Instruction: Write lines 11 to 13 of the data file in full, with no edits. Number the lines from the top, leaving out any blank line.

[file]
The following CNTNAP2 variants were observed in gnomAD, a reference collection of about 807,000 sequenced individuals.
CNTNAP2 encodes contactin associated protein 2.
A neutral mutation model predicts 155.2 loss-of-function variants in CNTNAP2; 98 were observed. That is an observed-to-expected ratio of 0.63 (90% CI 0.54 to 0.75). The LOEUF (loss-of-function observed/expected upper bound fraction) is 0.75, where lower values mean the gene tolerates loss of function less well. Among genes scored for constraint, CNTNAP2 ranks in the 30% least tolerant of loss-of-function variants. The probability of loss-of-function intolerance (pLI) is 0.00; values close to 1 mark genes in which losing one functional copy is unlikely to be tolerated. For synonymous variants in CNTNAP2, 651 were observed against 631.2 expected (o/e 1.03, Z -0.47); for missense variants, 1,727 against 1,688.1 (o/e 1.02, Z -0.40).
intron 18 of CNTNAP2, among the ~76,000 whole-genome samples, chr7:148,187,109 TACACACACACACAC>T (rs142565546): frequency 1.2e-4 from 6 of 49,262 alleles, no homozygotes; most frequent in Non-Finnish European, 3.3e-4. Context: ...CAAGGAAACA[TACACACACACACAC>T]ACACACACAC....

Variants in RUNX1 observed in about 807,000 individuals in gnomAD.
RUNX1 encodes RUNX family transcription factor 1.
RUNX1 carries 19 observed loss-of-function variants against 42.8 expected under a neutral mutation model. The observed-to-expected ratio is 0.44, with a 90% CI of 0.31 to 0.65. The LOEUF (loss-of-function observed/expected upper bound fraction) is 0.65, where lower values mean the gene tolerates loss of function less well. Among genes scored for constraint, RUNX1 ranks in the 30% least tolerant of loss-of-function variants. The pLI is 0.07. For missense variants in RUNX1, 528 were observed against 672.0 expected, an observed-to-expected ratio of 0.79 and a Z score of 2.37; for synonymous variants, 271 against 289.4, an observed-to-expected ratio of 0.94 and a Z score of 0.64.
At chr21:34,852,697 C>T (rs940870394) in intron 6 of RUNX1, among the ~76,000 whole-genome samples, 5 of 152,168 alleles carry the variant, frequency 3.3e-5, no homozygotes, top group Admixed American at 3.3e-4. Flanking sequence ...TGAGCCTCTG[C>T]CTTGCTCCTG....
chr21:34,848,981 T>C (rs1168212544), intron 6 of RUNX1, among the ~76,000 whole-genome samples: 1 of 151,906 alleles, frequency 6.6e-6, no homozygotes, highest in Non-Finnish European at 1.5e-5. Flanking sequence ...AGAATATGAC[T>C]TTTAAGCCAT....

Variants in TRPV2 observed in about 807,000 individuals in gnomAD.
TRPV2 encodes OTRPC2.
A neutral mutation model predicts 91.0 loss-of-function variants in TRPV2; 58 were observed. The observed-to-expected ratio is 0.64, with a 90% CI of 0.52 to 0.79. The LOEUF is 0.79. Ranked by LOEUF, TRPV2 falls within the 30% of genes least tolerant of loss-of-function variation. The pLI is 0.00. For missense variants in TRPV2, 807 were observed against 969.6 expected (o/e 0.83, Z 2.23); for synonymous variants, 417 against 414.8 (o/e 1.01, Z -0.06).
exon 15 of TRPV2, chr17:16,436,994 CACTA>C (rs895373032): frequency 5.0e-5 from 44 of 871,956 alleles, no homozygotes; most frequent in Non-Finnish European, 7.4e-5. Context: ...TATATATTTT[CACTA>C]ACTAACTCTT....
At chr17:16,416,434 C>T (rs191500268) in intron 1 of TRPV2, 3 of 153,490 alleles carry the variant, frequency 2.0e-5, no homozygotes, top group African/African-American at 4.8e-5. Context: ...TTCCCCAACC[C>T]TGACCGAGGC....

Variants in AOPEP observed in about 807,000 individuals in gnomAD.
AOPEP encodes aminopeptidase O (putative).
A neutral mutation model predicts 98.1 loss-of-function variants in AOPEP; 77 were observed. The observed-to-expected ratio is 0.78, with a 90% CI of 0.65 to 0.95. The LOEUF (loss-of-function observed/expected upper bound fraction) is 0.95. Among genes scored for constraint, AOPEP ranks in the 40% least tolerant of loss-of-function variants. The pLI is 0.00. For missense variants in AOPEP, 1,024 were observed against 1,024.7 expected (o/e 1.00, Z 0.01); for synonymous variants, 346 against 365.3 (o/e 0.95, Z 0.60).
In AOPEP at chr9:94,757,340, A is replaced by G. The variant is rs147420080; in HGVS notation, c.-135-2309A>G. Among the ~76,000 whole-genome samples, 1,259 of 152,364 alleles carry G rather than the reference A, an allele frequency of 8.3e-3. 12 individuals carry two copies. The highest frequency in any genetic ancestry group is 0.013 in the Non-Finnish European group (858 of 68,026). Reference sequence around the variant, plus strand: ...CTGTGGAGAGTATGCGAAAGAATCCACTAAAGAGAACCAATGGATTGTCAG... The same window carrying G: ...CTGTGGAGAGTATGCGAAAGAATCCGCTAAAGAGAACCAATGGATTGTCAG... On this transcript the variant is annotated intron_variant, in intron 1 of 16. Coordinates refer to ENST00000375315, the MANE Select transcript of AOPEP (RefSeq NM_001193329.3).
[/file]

TRPV2 encodes OTRPC2.
A neutral mutation model predicts 91.0 loss-of-function variants in TRPV2; 58 were observed. The observed-to-expected ratio is 0.64, with a 90% CI of 0.52 to 0.79. The LOEUF is 0.79. Ranked by LOEUF, TRPV2 falls within the 30% of genes least tolerant of loss-of-function variation. The pLI is 0.00. For missense variants in TRPV2, 807 were observed against 969.6 expected (o/e 0.83, Z 2.23); for synonymous variants, 417 against 414.8 (o/e 1.01, Z -0.06).
exon 15 of TRPV2, chr17:16,436,994 CACTA>C (rs895373032): frequency 5.0e-5 from 44 of 871,956 alleles, no homozygotes; most frequent in Non-Finnish European, 7.4e-5. Context: ...TATATATTTT[CACTA>C]ACTAACTCTT....